TCU (49-13) and LSU (53-10) are both teams that have been ranked at the top of the college baseball polls for most of the 2015.
The Horned Frogs’ pitching, defense and timely hitting is what has carried TCU to a Big 12 Championship and its third College World Series appearance.
LSU’s powerful bats, speed on the base paths and talented young pitching led the Tigers to a SEC Championship and their 17th trip to Omaha.
Despite hosting their regional and super regional, TCU’s road to Omaha was a bumpy one.
The Frogs lost the second game of the Fort Worth regional to NC State after they led 4-3 in the ninth inning. The Wolfpack’s designated hitter Chance Shepard hit a two-run homer off of the Frogs’ All-American closer Riley Ferrell in the ninth, sending the Frogs to the loser’s bracket.
TCU went on to win three straight games, which included an eight-run comeback in the final three innings against the Wolfpack to advance to the Super Regionals against Texas A&M.
After the Frogs stomped the Aggies 13-4 in the first game of their Super Regional, they lost Game 2 by a final score of 2-1 in 10 innings.
Then in Game 3, TCU blew a 4-2 lead in the ninth and had to wait seven more innings before they could celebrate a 5-4 win in 16 innings against the Aggies that sent the Frogs to Omaha.
LSU, on the other hand, had a much smoother road to the College World Series as the Tigers have gone 5-0 in NCAA Tournament play thus far.
The Tigers beat Lehigh 10-3 in their first game and finished off the Baton Rouge regional by shutting out UNC-Wilmington 2-0 in consecutive games.
LSU then went on to sweep the Baton Rouge Super Regional against UL-Lafayette as the Tigers beat the Ragin Cajuns 4-3 in Game 1 and 6-3 in Game 2.
During NCAA Tournament play, LSU’s pitchers have combined for a 1.60 ERA. On Sunday, left-hander Jared Poché will take the mound against the Frogs. In his two NCAA Tournament starts, where he pitched 16 1/3 innings, Poché only allowed one run on 11 hits and struck out 15 batters.
In the postseason, TCU’s lefty-heavy lineup has struggled with left-handed pitchers, particularly NC State’s Brian Brown and Texas A&M’s Matt Kent.
TCU head coach Jim Schlossnagle said he is not surprised that LSU coach Paul Manieri plans to start Poché on Sunday.
“We knew going into the season we were going to play a lot of left-handed hitters,” Schlossnagle said. “Going back to the recruiting season, that was one effort we made the last two or three years to add more balance to our lineup. When in doubt, they’re equal and ready to take the left-handed hitter, which then means you’re going to be a lot more susceptible to left-handed pitching.”
Senior Preston Morrison will take the mound for the Horned Frogs against the Tigers. Though Morrison has started more games than any pitcher in TCU history, he has never won a postseason game. Manieri said he’s never seen Morrison pitch in person, but he said his shortstop Alex Bregman, who played with Morrison on Team USA, speaks highly of the right-hander.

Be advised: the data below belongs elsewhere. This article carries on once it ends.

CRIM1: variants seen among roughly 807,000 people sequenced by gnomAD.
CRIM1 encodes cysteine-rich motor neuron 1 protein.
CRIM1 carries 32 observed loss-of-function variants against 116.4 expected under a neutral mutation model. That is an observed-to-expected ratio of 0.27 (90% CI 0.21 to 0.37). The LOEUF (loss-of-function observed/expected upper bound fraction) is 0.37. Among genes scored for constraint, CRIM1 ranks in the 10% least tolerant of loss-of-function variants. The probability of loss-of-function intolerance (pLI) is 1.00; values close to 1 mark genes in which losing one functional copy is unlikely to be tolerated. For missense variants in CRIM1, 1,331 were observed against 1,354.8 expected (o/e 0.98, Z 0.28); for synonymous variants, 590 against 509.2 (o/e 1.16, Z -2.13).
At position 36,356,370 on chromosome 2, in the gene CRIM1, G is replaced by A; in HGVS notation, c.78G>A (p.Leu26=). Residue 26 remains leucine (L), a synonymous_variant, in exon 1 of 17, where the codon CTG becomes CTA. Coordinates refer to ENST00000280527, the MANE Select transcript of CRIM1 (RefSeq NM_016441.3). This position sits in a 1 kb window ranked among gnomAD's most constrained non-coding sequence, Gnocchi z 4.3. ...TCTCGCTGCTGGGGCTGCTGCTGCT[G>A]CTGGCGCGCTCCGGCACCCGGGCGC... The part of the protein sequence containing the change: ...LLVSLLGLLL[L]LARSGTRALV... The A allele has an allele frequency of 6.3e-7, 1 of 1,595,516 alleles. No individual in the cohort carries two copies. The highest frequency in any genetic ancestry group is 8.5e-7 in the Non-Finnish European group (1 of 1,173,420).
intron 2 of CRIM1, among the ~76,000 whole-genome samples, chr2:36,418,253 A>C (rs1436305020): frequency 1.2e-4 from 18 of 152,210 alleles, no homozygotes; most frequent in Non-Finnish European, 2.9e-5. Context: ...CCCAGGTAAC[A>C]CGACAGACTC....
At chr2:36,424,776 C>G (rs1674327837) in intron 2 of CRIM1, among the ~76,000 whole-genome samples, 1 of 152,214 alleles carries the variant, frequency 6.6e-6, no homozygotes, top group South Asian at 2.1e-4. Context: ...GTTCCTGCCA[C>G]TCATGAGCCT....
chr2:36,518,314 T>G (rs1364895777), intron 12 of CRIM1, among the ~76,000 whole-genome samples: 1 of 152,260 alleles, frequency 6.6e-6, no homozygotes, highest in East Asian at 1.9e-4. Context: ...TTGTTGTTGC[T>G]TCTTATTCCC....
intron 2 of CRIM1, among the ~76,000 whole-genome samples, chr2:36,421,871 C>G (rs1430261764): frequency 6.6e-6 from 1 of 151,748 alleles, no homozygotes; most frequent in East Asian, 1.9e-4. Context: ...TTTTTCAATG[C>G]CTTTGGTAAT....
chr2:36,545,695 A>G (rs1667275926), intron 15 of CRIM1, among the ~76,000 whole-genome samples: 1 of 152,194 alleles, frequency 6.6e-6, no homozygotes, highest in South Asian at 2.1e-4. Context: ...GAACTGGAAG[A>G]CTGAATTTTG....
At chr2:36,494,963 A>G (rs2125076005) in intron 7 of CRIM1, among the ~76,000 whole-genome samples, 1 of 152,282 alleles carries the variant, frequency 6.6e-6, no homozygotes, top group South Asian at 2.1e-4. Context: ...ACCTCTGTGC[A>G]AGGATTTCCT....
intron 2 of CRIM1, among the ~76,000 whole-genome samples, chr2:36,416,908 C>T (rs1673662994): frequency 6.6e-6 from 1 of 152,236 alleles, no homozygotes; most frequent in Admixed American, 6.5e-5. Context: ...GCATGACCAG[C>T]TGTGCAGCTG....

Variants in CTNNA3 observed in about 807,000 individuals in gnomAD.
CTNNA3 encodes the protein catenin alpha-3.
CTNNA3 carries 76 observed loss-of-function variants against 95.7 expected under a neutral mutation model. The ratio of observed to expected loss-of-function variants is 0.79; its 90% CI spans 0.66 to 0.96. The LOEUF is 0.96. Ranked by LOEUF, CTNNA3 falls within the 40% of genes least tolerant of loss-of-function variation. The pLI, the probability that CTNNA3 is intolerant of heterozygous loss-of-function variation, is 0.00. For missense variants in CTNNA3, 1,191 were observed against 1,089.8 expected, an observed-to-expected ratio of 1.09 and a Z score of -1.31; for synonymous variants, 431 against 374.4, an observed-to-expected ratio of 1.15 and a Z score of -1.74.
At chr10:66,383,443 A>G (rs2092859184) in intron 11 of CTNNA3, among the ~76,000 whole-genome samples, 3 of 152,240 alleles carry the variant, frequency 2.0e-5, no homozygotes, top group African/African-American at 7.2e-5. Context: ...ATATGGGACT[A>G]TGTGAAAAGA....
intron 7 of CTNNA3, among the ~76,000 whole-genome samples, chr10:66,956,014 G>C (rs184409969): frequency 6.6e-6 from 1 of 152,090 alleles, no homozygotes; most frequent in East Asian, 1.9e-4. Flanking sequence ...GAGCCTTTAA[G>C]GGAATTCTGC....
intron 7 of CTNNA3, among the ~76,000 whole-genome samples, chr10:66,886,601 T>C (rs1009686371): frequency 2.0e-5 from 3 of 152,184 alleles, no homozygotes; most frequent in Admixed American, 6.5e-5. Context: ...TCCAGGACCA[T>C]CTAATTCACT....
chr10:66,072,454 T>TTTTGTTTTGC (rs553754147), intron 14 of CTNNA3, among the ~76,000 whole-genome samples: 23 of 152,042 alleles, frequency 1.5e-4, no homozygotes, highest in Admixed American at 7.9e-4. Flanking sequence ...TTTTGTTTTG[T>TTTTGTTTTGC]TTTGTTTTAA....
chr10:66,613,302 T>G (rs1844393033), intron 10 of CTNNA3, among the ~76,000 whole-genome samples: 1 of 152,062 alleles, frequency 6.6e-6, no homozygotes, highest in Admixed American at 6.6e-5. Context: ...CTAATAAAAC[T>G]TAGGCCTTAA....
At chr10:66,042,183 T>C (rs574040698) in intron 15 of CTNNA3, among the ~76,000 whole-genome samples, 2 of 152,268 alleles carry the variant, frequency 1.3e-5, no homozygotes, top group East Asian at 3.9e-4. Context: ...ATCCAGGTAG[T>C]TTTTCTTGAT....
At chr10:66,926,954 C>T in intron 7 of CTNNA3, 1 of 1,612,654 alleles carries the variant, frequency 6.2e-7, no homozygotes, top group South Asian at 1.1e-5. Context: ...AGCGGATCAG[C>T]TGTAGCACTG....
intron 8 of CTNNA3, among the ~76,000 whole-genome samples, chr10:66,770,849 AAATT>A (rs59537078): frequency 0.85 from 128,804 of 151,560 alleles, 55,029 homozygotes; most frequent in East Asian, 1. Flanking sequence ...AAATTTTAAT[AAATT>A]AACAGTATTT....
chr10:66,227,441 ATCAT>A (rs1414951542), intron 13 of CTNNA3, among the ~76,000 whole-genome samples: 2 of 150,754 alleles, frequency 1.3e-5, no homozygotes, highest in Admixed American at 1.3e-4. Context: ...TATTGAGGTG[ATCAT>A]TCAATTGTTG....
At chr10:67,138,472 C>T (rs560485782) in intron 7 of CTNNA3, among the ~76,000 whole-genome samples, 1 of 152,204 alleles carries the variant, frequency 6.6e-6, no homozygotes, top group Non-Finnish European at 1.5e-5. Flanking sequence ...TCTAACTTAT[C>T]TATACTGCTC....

“Alex told me he’s a tremendous competitor and a really outstanding pitcher,” Manieri said. “So he’s going to be a great challenge for us. So I’m not surprised Jim pitched him because of his experience.”
If Morrison gets his first NCAA Tournament win on Sunday, it probably won’t come easy.
LSU is hitting .316 as a team, which is the fourth best team batting average in the country while eight LSU starters are hitting over .300 coming into the College World Series.
TCU’s Super Regional opponent, Texas A&M had six starters hitting over the .300 mark, but Schlossnagle said the Tigers present a tougher challenge as LSU ranks fourth in the NCAA in stolen bases.
“The difference is the speed element,” Schlossnagle said. “They’re not just — they can win games in a variety of ways. So with Texas A&M, it was a matter of they’re going to hammer your mistakes. If you could make pitches, then you gave yourself a chance, which is probably most good hitters. The difference with LSU is just very, very complete team. So there’s more than just making pitches to bigger physical players.”
While the Tigers’ speed and consistent hitting makes them dangerous, they can also hit for power.
Catcher Chis Chinea leads the Tigers with 11 home runs while second baseman Jared Foster and Alex Bregman, the second overall pick in the MLB Draft, have both hit nine homers.
TCU, a team that has scored 149 runs with two outs, is known more for its clutch hitting than their power as the Frogs have only homered 27 times this season.
While centerfielder Cody Jones, who leads Frogs with a .371 batting average and was named the Big 12 Player of the Year, is often referred to as the leader of his team, fellow senior Derek Odell was the one swinging the hot bat in the Frogs’ Super Regional.
Last weekend, Odell hit .538 and knocked in and scored three runs against the Aggies after slumping for a large part of the regular season.
Catcher Evan Skoug has been another key contributor in TCU’s postseason run. After catching 16 innings is Game 3 against A&M, he knocked in the game-winning run to advance the Frogs to the College Word Series. The Freshman All American leads the Frogs with seven homers, 14 doubles and 44 RBIs.
“He’s excited to play,” Schlossnagle said when asked if Skoug was prepared mentally for the College World Series. “Everything’s been brand new for him. We’ve asked a lot of him all year, to clean up every game and handle an older pitching staff. He’s mature beyond his years. I don’t anticipate anything being any different for him.”